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Car Engine Overheating - Why It’s Happening and How to Fix It

October 27, 2017

An overheating engine can be a nerve racking experience. In the best cases it can cause decreased fuel mileage or simply light up a dashboard warning for engine temperature. In the worst cases, it can cause smoke or even complete engine failure.

As soon as you think you might be experiencing an overheating engine, it's important to pull over and take stock of what's wrong. If you cannot pull over safely turn off the air conditioning and turn the heater on to maximum.

Overheating car

How to know if your engine is overheating

An overheating vehicle may display one or more of the following symptoms:

  • A temperature gauge that is reading higher than normal and into the red
  • An illuminated check engine light and/or engine temperature warning light
  • White or black smoke from the exhaust pipe when accelerating
  • The air conditioning stops working
  • Poor fuel mileage may be experienced
  • Contaminants in the coolant reservoir
  • Coolant escaping from the coolant reservoir due to boiling over

Common reasons for an overheating car engine

There are many reasons your vehicle could be overheating, but the most common include a coolant leak, a bad radiator fan, or a failed thermostat. These factors can contribute to an overheating in different ways.

Have a professional take a look

Note: In an emergency, to keep your vehicle operating until you're able to reach a nearby repair shop, you can turn the heater on to the highest setting to keep the engine from overheating while driving. The heater core can act as a secondary radiator, but temperatures inside the vehicle may become unbearable.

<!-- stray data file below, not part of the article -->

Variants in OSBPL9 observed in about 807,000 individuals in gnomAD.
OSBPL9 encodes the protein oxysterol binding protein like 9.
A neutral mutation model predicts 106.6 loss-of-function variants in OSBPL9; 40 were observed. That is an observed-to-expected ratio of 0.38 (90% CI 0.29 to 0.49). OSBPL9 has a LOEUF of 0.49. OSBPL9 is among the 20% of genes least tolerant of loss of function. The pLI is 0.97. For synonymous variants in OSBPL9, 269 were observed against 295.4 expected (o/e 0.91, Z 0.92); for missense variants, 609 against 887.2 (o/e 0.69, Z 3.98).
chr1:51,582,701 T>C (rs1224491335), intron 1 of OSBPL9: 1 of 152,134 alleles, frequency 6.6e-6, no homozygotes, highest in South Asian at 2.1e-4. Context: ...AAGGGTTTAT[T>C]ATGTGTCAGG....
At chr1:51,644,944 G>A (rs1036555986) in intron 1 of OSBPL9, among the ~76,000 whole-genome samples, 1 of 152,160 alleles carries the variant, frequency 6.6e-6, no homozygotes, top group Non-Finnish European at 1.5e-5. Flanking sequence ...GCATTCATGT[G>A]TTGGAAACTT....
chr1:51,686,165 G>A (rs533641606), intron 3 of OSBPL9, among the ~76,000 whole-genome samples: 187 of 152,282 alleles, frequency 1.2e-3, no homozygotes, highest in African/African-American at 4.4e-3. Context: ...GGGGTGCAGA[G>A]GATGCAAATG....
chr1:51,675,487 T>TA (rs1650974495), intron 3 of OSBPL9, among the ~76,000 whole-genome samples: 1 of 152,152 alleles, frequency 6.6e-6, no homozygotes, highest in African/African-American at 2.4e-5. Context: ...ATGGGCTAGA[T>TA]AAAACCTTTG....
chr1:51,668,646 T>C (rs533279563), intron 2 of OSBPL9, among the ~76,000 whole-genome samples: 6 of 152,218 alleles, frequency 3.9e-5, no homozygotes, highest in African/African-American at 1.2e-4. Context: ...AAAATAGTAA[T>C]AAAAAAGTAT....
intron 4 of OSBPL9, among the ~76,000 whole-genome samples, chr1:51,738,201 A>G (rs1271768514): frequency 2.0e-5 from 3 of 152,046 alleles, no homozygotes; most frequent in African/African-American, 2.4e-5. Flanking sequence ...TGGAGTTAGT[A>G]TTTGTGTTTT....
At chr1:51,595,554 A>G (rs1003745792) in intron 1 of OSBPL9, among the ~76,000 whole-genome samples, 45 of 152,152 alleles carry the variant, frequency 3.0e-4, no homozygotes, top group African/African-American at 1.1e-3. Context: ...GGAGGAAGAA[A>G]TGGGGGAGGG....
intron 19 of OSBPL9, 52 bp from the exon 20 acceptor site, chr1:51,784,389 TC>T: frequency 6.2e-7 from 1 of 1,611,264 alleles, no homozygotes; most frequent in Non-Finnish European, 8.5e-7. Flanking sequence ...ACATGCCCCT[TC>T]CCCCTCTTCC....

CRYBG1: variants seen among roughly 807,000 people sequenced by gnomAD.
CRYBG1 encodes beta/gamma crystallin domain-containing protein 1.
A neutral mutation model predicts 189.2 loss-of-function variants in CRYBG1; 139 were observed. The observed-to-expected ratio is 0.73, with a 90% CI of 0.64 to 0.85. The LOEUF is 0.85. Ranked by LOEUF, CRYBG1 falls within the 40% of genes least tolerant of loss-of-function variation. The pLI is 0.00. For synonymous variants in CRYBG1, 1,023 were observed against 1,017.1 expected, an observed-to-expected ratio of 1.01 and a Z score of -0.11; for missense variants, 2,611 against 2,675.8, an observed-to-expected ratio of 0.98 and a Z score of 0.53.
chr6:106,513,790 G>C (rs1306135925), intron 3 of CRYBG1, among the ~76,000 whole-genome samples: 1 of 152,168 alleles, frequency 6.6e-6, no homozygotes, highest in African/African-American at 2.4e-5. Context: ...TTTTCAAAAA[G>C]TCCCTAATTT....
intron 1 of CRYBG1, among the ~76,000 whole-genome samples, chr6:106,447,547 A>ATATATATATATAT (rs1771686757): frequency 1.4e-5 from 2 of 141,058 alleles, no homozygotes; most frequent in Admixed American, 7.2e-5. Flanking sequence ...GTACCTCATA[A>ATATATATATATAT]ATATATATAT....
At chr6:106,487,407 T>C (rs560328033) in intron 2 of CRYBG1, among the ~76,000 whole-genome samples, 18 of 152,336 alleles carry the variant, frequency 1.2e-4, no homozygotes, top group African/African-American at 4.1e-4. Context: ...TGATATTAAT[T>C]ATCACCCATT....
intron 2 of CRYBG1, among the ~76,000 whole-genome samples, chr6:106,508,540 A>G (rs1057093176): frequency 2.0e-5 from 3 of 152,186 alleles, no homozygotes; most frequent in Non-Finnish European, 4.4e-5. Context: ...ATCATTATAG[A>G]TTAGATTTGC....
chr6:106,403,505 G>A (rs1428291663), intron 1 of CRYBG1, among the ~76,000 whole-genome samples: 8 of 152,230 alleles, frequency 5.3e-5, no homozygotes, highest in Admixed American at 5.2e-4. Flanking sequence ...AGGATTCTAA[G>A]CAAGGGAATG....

Coolant leak

Your vehicle cooling system's objective is to maintain an optimal operating temperature for the engine. It achieves this by circulating coolant through the engine where it absorbs heat, then the coolant is delivered to the radiator where the heat is removed from the coolant. When the system has a leak and the coolant level drops too low, it will be unable to remove heat from the engine, and it will start to overheat.

Solution: There are some ways to identify an obvious coolant leak issue - mainly you will see a message or warning light on in the dash. You may also notice a smell of coolant in and around the car, or observing fluid dripping onto the ground or other parts of the vehicle. However for less obvious leaks, the best option is to have a mechanic inspect your vehicle for a coolant leak diagnosis.